In the above embodiment, the first fundamental wave 21 having a wavelength of 1300 nm and the second fundamental wave 31 having a wavelength of 800 nm are guided in a single mode. The mode field diameters of the first and second fundamental waves 21, 31, respectively, are 2 μm and 3 μm, respectively, which are sufficiently large as compared with their wavelengths. It is easy to converge the fundamental waves 21, 31 to these diameters with the condenser lens 26, and hence the fundamental waves 21, 31 can easily enter the device 10.

In the above embodiment, the device 10 simultaneously produces three wavelength-converted waves which are two second harmonic waves and sum-frequency wave of the two fundamental waves having different wavelengths. However, since the cladding of the optical wavelength-converter device of the invention is made of an amorphous material which has a wide range of selectable refractive indexes and selectable wavelength-dependent refractive index dispersions, desired nonlinear constants (e.g., d32, d33, d31, and the like) can be employed, and the aforesaid phase matching conditions (1) through (4) can easily be satisfied. Therefore, it is easy to selectively meet one or two or more of the phase matching conditions (1) through (4), so that desired wavelength-converted waves can be obtained. Examples of the fundamental wave wavelengths, the cladding material, the refractive index of the cladding, the effective refractive indexes of the core, and the diameter of the core will be described below:

For extracting two second harmonic waves by meeting the phase matching conditions (3) and (4):

The wavelengths of the fundamental waves are λ1 =1300 nm and λ2 =800 nm. The cladding is made of SF15 glass and has a diameter of 2 mm. The core is made of PRA and has a diameter of 1.0 μm. Only the nonlinear constant d32 of the PRA effects the extraction, and the refractive indexes thereof are ncore.sup.ω1 =1.76 and ncore.sup.ω2 =1.79. When the above fundamental waves are applied in the form of Y-polarized light, two Z-polarized secondary harmonic waves can simultaneously be produced.

For extracting a sum-frequency wave and one second harmonic wave by meeting the phase matching conditions (1) and (3) or (1) and (4):

The wavelengths of the fundamental waves are λ1 =1300 nm and λ2 =800 nm. The cladding is made of SF5 glass and has a diameter of 5 mm. The core is made of PRA and has a diameter of 1.1 μm. Only nonlinear constant d33 of the PRA effects the conversion of the fundamental wave with the wavelength λ2 to the second harmonic wave, and d24 effects the extraction of the sum-frequency wave. The refractive indexes of the PRA are ncore.sup.ω1 =1.76 and ncore.sup.ω2 =1.70. When the fundamental wave with the wavelength λ1 is applied as Y-polarized light and the fundamental wave with the wavelength λ2 is applied as Z-polarized light, the second harmonic wave can be produced as Z-polarized light and the sum-frequency wave can be produced as Y-polarized light. By maximizing the power of the fundamental wave with λ1 =1300 nm and minimizing the power of the fundamental wave with λ2 =800 nm, the power of the second harmonic wave can be reduced and the power of the sum-frequency wave can be increased.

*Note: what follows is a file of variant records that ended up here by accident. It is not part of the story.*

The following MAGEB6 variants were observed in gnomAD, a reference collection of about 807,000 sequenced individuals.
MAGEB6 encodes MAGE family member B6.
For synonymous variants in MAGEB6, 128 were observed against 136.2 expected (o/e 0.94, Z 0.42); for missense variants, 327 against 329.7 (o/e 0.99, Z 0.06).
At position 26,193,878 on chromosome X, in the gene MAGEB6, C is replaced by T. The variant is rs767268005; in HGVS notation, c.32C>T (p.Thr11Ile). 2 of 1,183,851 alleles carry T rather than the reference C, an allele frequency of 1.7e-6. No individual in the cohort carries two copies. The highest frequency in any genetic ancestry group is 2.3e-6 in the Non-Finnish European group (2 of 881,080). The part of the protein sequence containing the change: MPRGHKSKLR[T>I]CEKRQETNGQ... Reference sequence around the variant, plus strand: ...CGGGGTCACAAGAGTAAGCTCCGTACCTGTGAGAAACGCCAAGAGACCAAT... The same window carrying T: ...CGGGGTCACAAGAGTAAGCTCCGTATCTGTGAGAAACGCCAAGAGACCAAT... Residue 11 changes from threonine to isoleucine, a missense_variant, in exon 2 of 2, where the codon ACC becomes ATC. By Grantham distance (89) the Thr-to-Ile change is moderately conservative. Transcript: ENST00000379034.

For extracting a sum-frequency wave, a differential-frequency wave, and one second harmonic wave by meeting the phase matching conditions (1), (2) and (3) or (1), (2) and (4):

The wavelengths of the fundamental waves are λ1 =1300 nm and λ2 =800 nm. The cladding is made of SF8 glass and has a diameter of 5 mm. The core is made of PRA and has a diameter of 1.4 μm. Only the nonlinear constant d33 of the PRA effects the conversion of the fundamental wave with the wavelength λ2 to the second harmonic wave, and d24 effects the extraction of the sum- and differential-frequency waves. The refractive indexes of the PRA are ncore.sup.ω1 =1.76 and ncore.sup.ω2 =1.70. When the fundamental wave with the wavelength λ1 is applied as Y-polarized light and the fundamental wave with the wavelength λ2 is applied as Z-polarized light, both second harmonic waves can be produced as Z-polarized light and the sum- and differential-frequency waves can be produced as Y-polarized light. The wavelength of the sum-frequency wave is 495 nm, whereas the wavelength of the differential frequency wave is 2080 nm.

For extracting sum- and differential-frequency waves and two second harmonic waves by meeting the phase matching conditions (1), (2), (3) and (4):

The wavelengths of the fundamental waves are λ1 =1300 nm and λ2 =800 nm. The cladding is made of SF8 glass and has a diameter of 5 mm. The core is made of PRA and has a diameter of 1.8 μm. The nonlinear constant d32 of the PRA effects the conversion of the fundamental wave with the wavelength λ1 to the second harmonic wave, d33 effects the conversion of the fundamental wave with the wavelength λ2 to the second harmonic wave, and d24 effects the extraction of the sum-and differential-frequency waves. The refractive indexes of the PRA are ncore.sup.ω1 =1.76 and ncore.sup.ω2 =1.70. When the fundamental wave with the wavelength λ1 is applied as Y-polarized light and the fundamental wave with the wavelength λ2 is applied as Z-polarized light, both second harmonic waves can be produced as Z-polarized light and the sum- and differential-frequency waves can be produced as Y-polarized light. The waveguide mode for the fundamental wave with the wavelength λ1 is a first mode.